While the school year may be winding down, this is not the time to slack off!
The school year may be coming to close, but there is still time to get better grades. There’s time to study harder. There’s time to complete an extra credit project. There’s time to develop better study skills. And most importantly, there’s still time to make a big difference on the final report card.
If grades need improving, the time to get started is right now! Slacking off now is NOT a good idea. In fact, can be downright dangerous to grades. Students who have worked very hard the entire year, can actually lose their academic footing if they let their focus slip from school.
That’s why it’s important to remain motivated. After all, there are still end-of-year projects, group work, and final exams on the horizon.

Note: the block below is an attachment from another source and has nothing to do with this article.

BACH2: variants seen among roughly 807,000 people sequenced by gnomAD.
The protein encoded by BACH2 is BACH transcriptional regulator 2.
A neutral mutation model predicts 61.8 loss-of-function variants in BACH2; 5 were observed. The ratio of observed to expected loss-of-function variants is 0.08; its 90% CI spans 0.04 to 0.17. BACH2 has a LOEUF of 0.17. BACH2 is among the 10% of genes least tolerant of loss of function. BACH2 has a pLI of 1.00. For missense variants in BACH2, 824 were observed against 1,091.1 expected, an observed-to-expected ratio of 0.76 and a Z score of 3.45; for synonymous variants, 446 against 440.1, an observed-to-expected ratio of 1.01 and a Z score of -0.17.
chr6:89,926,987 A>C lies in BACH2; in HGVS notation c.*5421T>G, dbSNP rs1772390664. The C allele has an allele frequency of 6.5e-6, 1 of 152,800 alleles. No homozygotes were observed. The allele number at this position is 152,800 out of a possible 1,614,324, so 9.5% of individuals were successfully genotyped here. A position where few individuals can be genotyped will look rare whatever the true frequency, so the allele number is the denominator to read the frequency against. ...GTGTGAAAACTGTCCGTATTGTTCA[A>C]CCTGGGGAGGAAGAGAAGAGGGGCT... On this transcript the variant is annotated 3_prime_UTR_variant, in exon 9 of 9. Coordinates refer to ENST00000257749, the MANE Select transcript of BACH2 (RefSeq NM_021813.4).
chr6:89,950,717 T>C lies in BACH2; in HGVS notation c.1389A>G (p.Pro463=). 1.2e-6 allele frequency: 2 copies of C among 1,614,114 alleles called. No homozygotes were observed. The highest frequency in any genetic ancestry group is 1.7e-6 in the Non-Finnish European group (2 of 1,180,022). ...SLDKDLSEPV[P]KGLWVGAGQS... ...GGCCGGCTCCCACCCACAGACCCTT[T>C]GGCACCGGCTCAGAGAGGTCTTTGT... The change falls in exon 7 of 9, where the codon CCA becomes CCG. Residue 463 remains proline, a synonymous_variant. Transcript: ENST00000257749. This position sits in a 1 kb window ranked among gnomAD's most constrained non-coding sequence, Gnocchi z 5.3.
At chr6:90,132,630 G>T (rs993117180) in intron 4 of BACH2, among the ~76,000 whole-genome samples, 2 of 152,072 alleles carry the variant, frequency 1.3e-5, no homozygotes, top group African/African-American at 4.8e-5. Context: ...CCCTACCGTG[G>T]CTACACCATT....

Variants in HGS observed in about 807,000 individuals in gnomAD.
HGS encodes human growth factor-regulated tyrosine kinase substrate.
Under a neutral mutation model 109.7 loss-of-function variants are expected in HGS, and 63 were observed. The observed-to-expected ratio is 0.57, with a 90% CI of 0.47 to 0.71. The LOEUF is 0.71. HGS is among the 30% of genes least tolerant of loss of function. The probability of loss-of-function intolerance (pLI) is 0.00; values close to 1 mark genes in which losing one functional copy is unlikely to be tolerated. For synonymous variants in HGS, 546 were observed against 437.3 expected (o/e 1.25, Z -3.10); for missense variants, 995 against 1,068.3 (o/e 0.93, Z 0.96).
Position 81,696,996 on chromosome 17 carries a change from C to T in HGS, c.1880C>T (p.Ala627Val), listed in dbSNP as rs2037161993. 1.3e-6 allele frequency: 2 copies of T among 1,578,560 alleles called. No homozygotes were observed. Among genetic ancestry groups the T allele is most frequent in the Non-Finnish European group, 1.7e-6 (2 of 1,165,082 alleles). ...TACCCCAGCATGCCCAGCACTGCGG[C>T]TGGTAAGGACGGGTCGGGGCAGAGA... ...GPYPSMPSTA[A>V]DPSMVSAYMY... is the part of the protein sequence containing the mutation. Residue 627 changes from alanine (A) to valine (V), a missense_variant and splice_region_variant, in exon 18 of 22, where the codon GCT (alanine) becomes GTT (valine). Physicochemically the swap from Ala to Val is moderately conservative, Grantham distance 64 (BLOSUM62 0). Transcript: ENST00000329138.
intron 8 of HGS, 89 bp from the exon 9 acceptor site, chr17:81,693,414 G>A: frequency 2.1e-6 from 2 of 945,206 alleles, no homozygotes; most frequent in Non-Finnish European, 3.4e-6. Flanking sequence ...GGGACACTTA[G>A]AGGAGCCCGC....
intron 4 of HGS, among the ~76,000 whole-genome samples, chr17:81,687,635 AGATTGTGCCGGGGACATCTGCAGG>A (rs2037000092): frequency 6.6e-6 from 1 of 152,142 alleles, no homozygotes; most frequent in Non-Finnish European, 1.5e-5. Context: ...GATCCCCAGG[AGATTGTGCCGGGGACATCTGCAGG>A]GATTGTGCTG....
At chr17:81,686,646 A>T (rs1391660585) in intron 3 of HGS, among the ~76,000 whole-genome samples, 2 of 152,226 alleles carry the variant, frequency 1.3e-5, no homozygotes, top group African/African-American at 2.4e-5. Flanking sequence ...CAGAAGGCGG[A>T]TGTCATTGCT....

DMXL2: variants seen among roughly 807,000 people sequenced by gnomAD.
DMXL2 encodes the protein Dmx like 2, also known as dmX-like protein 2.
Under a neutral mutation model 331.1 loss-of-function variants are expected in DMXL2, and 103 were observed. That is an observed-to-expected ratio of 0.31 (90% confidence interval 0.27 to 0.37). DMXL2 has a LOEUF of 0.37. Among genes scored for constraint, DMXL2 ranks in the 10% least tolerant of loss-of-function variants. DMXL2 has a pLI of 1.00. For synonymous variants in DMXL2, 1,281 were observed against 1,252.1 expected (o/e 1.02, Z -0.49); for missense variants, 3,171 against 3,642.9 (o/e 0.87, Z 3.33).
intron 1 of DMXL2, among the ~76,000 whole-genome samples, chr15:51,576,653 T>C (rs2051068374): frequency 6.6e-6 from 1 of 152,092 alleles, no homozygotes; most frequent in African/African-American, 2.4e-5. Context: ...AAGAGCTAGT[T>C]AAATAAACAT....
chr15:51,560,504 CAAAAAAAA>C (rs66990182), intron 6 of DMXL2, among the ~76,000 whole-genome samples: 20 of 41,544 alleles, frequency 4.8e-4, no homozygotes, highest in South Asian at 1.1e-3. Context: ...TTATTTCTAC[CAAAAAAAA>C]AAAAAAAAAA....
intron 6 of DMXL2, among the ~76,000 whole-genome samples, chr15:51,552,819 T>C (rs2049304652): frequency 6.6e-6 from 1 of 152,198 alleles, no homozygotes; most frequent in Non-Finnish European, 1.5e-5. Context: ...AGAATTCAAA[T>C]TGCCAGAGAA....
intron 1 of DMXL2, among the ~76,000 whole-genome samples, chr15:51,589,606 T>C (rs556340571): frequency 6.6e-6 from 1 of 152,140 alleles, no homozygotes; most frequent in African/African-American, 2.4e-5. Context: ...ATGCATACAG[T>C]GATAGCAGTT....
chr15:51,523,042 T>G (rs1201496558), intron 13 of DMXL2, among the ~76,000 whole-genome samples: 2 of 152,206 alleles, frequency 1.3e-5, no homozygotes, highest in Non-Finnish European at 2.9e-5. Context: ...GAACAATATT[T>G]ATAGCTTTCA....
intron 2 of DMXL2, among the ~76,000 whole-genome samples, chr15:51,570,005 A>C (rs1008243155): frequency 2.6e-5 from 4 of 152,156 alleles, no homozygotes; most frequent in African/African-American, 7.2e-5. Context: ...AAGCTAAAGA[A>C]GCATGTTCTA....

The truth is that this is the perfect time to renew a sense of school dedication. Because even though the school year is coming to a close, a lot can be accomplished in the time left.
So stop daydreaming about summer! There’s work to be done! Here’s how to stay motivated (and even pull up grades) in the time left:
1. Dust Off That Agenda. Agendas have kept students organized throughout the school year and now’s not the time to leave them forgotten in lockers or at the bottom of a school bag. Need to renew the drive to succeed? Flip through the agenda for a reminder of everything that has been achieved so far this year.
2. Work Towards a Goal. It’s easy to coast for the rest of the year, but rather than slacking, set a goal and work towards it. Whether it is by fine-tuning study skills or pulling up a math grade, having a goal to work towards makes staying motivated easy.